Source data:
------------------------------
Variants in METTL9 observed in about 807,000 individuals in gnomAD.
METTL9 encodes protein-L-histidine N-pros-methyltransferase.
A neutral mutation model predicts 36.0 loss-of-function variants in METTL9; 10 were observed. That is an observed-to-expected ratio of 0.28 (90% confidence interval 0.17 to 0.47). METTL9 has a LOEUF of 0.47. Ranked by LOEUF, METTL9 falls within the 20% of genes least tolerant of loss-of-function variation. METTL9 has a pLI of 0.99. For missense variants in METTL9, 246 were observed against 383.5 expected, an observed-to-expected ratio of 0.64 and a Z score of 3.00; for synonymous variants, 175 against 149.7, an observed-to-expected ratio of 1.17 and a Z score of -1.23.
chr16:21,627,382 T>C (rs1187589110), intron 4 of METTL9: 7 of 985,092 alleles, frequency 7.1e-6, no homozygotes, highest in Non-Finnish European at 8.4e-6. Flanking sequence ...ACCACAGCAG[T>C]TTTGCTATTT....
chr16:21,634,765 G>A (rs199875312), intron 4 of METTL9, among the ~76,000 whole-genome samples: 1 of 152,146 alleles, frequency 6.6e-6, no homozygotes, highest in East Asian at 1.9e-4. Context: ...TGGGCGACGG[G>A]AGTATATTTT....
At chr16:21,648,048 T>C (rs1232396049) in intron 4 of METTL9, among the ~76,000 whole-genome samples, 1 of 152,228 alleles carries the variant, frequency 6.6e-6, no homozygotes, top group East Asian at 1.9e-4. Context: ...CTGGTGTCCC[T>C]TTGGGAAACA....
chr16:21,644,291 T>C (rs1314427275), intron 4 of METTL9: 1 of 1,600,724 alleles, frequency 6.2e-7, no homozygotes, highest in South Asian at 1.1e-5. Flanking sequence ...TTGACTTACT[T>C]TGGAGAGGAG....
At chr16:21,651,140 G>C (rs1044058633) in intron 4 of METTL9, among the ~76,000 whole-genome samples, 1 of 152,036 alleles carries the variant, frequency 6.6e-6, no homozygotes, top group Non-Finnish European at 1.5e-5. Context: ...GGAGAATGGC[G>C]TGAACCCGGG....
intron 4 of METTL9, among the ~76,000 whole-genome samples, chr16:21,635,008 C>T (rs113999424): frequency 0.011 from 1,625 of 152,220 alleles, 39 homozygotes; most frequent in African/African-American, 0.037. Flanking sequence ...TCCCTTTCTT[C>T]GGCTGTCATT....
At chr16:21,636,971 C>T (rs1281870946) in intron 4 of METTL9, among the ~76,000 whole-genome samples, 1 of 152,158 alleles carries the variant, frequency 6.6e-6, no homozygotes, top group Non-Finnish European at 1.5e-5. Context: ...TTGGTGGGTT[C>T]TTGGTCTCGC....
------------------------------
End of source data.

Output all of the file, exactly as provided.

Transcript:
Variants in METTL9 observed in about 807,000 individuals in gnomAD.
METTL9 encodes protein-L-histidine N-pros-methyltransferase.
A neutral mutation model predicts 36.0 loss-of-function variants in METTL9; 10 were observed. That is an observed-to-expected ratio of 0.28 (90% confidence interval 0.17 to 0.47). METTL9 has a LOEUF of 0.47. Ranked by LOEUF, METTL9 falls within the 20% of genes least tolerant of loss-of-function variation. METTL9 has a pLI of 0.99. For missense variants in METTL9, 246 were observed against 383.5 expected, an observed-to-expected ratio of 0.64 and a Z score of 3.00; for synonymous variants, 175 against 149.7, an observed-to-expected ratio of 1.17 and a Z score of -1.23.
chr16:21,627,382 T>C (rs1187589110), intron 4 of METTL9: 7 of 985,092 alleles, frequency 7.1e-6, no homozygotes, highest in Non-Finnish European at 8.4e-6. Flanking sequence ...ACCACAGCAG[T>C]TTTGCTATTT....
chr16:21,634,765 G>A (rs199875312), intron 4 of METTL9, among the ~76,000 whole-genome samples: 1 of 152,146 alleles, frequency 6.6e-6, no homozygotes, highest in East Asian at 1.9e-4. Context: ...TGGGCGACGG[G>A]AGTATATTTT....
At chr16:21,648,048 T>C (rs1232396049) in intron 4 of METTL9, among the ~76,000 whole-genome samples, 1 of 152,228 alleles carries the variant, frequency 6.6e-6, no homozygotes, top group East Asian at 1.9e-4. Context: ...CTGGTGTCCC[T>C]TTGGGAAACA....
chr16:21,644,291 T>C (rs1314427275), intron 4 of METTL9: 1 of 1,600,724 alleles, frequency 6.2e-7, no homozygotes, highest in South Asian at 1.1e-5. Flanking sequence ...TTGACTTACT[T>C]TGGAGAGGAG....
At chr16:21,651,140 G>C (rs1044058633) in intron 4 of METTL9, among the ~76,000 whole-genome samples, 1 of 152,036 alleles carries the variant, frequency 6.6e-6, no homozygotes, top group Non-Finnish European at 1.5e-5. Context: ...GGAGAATGGC[G>C]TGAACCCGGG....
intron 4 of METTL9, among the ~76,000 whole-genome samples, chr16:21,635,008 C>T (rs113999424): frequency 0.011 from 1,625 of 152,220 alleles, 39 homozygotes; most frequent in African/African-American, 0.037. Flanking sequence ...TCCCTTTCTT[C>T]GGCTGTCATT....
At chr16:21,636,971 C>T (rs1281870946) in intron 4 of METTL9, among the ~76,000 whole-genome samples, 1 of 152,158 alleles carries the variant, frequency 6.6e-6, no homozygotes, top group Non-Finnish European at 1.5e-5. Context: ...TTGGTGGGTT[C>T]TTGGTCTCGC....